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STAGE REVIEW : 'Abajo,' 'Balun' Can't Retain Vital Scope

October 11, 1991|ROBERT KOEHLER | SPECIAL TO THE TIMES

There's a peculiar expansiveness to the modern Mexican novel--a blending of the mystical and the carnal, the dynamic shifts from the epic to the intimate--that can be translated into English. But the translation from page to stage is infinitely more treacherous.

The final test: After the theater has revived a book its audience may not know, will the show turn them on to the original? With two new adaptations of Mexican novels--Margarita Galban's of Mariano Azuela's "Los de Abajo" at BFA and Josephine Ramirez's of Rosario Castellanos' "Balun Canan: The Nine Guardians" at the Mark Taper Forum's literary cabaret at the Itchey Foot, the answer is very mixed. Both shows whet curiosity, but mainly to see how much of each novel was missed on stage.

"Los de Abajo" translates as "The Underdogs," the outgunned, outmaneuvered rebel campesinos of the 1910 revolution. Azuela wrote it in the dispirited aftermath of a war against the landowners that didn't fully succeed, but did change Mexico forever. Azuela's alter ego is Luis (Ruben Garfias, who also did the English translation), a radical who is forcibly drafted into the Federales, then escapes to join the revolution. He's an intellectual fond of lecturing to his working-class comrades, led by Demetrio (Tonyo Melendez), about the revolution's meaning.

A nice irony, which underscores Azuela's view of the revolution's rotten core. But Galban cannot decide whether to stage a dutiful tragedy about heroes, or a bitterly cynical drama of power and underdeveloped ideals. Using recurring corridos as a narrative chorus, she assembles clunky stage pictures meant to mimic Diego Rivera's murals. But at least in the English-speaking performances, her actors tend to feel lost in the pictures--and sound lost as well.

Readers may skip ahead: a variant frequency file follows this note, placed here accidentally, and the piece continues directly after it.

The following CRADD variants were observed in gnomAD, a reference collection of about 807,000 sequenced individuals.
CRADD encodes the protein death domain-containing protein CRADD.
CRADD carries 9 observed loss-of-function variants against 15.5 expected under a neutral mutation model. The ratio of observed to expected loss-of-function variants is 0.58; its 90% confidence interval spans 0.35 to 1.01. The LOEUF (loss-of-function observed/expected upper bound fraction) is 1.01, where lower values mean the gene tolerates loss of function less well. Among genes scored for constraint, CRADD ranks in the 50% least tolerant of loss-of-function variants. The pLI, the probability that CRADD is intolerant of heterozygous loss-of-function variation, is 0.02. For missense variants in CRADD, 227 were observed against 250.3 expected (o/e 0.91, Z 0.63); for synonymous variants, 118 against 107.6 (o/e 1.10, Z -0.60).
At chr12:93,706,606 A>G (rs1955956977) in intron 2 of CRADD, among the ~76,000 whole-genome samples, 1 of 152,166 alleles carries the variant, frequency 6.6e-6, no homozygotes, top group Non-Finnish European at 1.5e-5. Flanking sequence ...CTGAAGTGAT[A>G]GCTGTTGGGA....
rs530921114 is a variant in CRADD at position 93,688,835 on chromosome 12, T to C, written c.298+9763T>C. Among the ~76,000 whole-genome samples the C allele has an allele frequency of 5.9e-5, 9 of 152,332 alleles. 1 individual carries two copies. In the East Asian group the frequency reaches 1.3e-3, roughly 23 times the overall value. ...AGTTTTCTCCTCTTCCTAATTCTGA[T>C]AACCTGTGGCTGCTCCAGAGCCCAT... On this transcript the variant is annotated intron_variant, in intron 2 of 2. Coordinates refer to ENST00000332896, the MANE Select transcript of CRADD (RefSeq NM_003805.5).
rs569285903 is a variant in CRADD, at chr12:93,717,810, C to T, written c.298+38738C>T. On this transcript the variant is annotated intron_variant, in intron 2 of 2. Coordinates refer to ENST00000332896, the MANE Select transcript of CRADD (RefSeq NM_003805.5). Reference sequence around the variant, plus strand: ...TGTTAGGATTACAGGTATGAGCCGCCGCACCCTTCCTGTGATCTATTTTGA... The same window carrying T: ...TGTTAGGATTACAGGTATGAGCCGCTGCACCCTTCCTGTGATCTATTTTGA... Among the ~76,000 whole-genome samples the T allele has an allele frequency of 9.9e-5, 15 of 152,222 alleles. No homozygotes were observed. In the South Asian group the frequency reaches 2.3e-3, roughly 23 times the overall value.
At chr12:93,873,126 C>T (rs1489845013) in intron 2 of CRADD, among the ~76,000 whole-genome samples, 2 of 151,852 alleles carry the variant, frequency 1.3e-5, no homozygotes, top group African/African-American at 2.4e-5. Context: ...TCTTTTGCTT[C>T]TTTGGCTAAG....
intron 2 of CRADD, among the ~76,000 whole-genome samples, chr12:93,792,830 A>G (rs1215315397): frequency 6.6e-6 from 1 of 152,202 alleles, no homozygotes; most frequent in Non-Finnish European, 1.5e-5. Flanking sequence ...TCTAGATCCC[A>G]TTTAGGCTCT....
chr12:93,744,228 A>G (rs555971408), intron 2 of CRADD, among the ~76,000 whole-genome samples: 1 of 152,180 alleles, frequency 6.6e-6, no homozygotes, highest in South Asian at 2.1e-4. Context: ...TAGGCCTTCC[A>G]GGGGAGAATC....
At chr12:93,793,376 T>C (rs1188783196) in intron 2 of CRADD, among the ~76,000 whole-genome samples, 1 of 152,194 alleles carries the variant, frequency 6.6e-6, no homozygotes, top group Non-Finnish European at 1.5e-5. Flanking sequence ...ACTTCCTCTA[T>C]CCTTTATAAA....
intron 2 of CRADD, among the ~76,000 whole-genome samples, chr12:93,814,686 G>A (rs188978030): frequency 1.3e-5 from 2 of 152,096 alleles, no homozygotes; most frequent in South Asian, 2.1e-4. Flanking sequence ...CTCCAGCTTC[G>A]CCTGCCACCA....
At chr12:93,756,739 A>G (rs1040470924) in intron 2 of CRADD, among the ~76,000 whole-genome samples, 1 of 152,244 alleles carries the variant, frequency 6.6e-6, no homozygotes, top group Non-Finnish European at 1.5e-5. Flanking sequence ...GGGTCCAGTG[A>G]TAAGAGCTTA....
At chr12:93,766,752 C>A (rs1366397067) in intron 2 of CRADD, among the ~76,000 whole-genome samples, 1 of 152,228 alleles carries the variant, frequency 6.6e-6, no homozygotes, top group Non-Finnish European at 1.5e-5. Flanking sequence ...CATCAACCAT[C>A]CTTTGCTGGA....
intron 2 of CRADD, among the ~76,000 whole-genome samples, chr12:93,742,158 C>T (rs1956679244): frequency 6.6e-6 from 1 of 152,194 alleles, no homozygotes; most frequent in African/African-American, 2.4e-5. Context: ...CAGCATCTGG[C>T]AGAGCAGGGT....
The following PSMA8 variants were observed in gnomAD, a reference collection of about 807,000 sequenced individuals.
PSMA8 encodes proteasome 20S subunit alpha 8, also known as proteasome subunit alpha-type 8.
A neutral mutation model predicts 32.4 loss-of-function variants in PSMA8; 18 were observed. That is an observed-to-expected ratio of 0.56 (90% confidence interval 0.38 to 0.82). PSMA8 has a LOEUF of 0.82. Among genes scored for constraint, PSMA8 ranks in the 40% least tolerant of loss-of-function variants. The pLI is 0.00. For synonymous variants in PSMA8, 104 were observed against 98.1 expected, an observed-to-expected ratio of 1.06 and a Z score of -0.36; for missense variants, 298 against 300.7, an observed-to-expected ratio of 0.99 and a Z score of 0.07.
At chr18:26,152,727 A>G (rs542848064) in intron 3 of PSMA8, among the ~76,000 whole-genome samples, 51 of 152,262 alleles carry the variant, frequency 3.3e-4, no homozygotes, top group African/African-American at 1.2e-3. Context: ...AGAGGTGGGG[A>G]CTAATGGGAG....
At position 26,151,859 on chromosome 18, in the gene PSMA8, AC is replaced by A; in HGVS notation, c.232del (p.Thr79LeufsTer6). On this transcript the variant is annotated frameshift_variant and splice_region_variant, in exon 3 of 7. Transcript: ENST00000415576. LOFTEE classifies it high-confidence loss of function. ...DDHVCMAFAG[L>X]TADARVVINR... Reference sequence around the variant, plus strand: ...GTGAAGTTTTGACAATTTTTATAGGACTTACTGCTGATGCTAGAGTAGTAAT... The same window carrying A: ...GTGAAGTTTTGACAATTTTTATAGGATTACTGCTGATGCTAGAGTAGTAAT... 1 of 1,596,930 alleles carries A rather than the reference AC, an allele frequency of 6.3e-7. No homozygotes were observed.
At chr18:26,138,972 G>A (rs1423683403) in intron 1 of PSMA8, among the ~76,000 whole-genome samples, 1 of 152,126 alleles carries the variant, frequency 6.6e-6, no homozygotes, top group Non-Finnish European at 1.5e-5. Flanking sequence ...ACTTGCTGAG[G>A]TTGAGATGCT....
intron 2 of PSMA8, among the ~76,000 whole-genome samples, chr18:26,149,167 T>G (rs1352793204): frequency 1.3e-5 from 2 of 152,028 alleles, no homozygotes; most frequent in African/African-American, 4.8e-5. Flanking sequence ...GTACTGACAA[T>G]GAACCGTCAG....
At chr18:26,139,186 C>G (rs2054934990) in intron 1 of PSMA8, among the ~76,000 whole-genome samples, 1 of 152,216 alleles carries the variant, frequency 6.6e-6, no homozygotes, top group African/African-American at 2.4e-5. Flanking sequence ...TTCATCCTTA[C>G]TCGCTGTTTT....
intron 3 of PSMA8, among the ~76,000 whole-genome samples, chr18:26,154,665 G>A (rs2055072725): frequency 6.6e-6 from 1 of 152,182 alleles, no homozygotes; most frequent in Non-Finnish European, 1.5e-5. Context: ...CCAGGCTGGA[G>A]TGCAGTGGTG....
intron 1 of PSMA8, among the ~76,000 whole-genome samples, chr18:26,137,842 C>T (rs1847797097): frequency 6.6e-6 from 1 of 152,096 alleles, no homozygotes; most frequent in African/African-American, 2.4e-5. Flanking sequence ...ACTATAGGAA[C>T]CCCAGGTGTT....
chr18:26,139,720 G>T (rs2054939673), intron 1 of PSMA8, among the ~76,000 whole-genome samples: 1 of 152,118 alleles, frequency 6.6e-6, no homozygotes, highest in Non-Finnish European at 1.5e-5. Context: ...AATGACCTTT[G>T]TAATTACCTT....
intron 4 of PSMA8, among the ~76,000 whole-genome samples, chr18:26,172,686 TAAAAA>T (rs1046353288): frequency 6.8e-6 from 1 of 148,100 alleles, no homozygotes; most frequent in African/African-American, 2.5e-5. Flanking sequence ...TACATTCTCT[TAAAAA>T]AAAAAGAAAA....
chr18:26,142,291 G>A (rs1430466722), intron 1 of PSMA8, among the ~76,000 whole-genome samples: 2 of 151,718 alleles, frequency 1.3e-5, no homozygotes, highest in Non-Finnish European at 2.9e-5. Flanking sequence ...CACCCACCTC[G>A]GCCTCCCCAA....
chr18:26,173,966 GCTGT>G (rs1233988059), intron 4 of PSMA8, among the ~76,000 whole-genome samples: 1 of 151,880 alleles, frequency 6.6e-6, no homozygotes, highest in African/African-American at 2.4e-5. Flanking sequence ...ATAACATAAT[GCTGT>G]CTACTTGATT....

We also hear a corrido before "Balun Canan" begins. But unlike the bulging cast and production at BFA, things are trim and economic at the Itchey Foot. There are no pictures except for the actors' faces, accenting a moment in the text. And Castellanos, who was a strong, vivid poet, wraps her tale of the fall of the landed Arguello family in a blanket of luxuriant prose.

Again, the novelist's alter ego observes a collapsing world, but here, Vanessa Marquez as the girl-narrator becomes the bestirred voice of innocence, shocked at the misery of the rebelling Indians she learns to love. Slender and strong as a reed, Marquez's girl speaks with an authentic love and conviction that never opts for sentimentalizing.

Sal Lopez brings quietly comic moments to his Mario, the girl's doomed brother, but his fellow ensemble members seem less sure. Enrique Castillo, William Marquez and Lupe Ontiveros rarely put any shadings into the words: Their key tool here, their voices, just fail them. Adapter Ramirez hasn't really failed Castellanos, yet it could be a small injustice to trim the novel's involved plot to fit the literary cabaret's hourlong format. At least, we have this hour.

"Los de Abajo," Bilingual Foundation of the Arts, 421 N. Avenue 19, Lincoln Heights, Wednesdays-Saturdays, 8 p.m.; Sundays, 3 p.m. (alternates weekly in Spanish and English). Ends Dec. 15. $6-$15; (213) 225-4044. Running time: 2 hours.

"Balun Canan: The Nine Guardians," Itchey Foot Ristorante, 801 W. Temple St., Los Angeles, Sundays, 6 p.m. Ends Oct. 27. $10; (213) 972-7392. Running time: 1 hour.

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